Good Old Gamers, Good Drivers: Results from a correlational experiment among older drivers

Suchada Vichitvanichphong, Amir Talaei-Khoei, Donald Kerr, Amir Hossein Ghapanchi, Bridie Scott-Parker


In many situations, driving is essential for senior citizens to maintain their independent lifestyle. A systematic literature review was conducted that summarized the age-related physical, visual and cognitive functional declines and their associated risk to driving. Based on these findings, we explored whether the skills required in playing Xbox Kinect video games were correlated with measures of driving performance among older drivers. Fifty-two participants, 65 years of age or older (Mean = 72; SD = 3.84; range 65 – 85 years; 29 males) who have access to a car and drive frequently were invited to play Just dance, Table Tennis (ping pong), Bowling, and Dr Kawashima’s Brain Training Exercises on an Xbox Kinect 360. Participants also completed a 25-minute on-road driving task along a predetermined route to assess and identify critical driving errors using a similar instrument as that used by a driving license tester. Bivariate correlation examined the relationship between game scores and these objective driving skills. There was a significant correlation between the Xbox Kinect video games and on-road driving scores (r = 0.861, p <0.001), indicating that ‘good gamers are good drivers’. This was correlation was significant for the males (r = 0.864, p <0.001) as well as for the females (r = 0.878, p <0.001). We suggest that performance on Xbox games may be a suitable, cost-effective and less-risky indicator of on-road driving skills for older drivers, particularly in jurisdictions in which mandatory testing of older citizens has been introduced or is being considered as a requirement in the driver licensing process.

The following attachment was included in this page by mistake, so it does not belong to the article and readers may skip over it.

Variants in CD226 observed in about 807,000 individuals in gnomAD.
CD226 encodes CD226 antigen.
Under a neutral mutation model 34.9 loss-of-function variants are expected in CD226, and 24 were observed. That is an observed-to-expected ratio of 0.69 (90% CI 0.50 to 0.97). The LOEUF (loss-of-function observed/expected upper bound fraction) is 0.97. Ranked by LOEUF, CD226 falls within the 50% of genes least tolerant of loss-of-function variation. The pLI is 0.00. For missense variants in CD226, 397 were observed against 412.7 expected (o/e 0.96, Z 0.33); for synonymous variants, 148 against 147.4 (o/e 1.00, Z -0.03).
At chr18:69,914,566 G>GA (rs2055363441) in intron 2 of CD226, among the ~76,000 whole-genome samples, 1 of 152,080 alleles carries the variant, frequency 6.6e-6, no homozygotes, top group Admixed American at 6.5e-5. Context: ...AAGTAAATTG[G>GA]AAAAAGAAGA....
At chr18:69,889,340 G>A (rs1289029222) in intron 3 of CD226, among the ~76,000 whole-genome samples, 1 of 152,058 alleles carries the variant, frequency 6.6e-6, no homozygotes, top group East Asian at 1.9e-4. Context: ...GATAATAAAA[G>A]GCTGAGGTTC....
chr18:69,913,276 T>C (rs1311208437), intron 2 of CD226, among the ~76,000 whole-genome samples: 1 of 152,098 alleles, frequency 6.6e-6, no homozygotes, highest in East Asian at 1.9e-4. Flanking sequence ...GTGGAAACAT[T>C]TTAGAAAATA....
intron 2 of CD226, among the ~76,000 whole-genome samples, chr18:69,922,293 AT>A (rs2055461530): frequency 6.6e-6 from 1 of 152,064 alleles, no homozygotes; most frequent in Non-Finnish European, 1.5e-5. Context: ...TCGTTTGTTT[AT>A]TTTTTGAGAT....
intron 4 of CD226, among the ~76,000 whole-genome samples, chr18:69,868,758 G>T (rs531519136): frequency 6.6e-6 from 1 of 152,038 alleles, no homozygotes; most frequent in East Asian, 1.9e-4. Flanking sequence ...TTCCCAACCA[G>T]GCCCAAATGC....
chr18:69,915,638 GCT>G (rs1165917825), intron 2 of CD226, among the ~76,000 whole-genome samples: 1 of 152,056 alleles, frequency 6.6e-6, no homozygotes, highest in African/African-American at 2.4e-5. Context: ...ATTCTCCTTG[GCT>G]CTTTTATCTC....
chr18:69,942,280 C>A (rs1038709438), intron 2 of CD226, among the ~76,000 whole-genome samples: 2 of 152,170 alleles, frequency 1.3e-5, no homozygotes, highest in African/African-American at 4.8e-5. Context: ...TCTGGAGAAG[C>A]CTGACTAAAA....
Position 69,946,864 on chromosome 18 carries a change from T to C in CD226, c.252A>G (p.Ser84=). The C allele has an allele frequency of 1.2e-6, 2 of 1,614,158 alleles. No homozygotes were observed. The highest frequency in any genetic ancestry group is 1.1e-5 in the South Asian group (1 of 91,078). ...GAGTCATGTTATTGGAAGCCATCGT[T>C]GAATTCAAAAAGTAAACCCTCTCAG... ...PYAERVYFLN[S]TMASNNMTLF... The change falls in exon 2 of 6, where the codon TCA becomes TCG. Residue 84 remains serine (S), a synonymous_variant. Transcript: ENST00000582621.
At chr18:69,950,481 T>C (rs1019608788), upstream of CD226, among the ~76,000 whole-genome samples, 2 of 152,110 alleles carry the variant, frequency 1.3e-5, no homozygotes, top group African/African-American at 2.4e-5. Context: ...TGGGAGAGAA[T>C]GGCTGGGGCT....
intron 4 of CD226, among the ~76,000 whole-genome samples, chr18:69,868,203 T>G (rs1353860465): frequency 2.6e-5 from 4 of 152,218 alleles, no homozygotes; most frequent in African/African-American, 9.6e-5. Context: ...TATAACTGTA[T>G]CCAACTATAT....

Older drivers; Xbox; gaming; road safety; driving behaviour

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ISSN: Online: 1326-2238 Hard copy: 1449-8618
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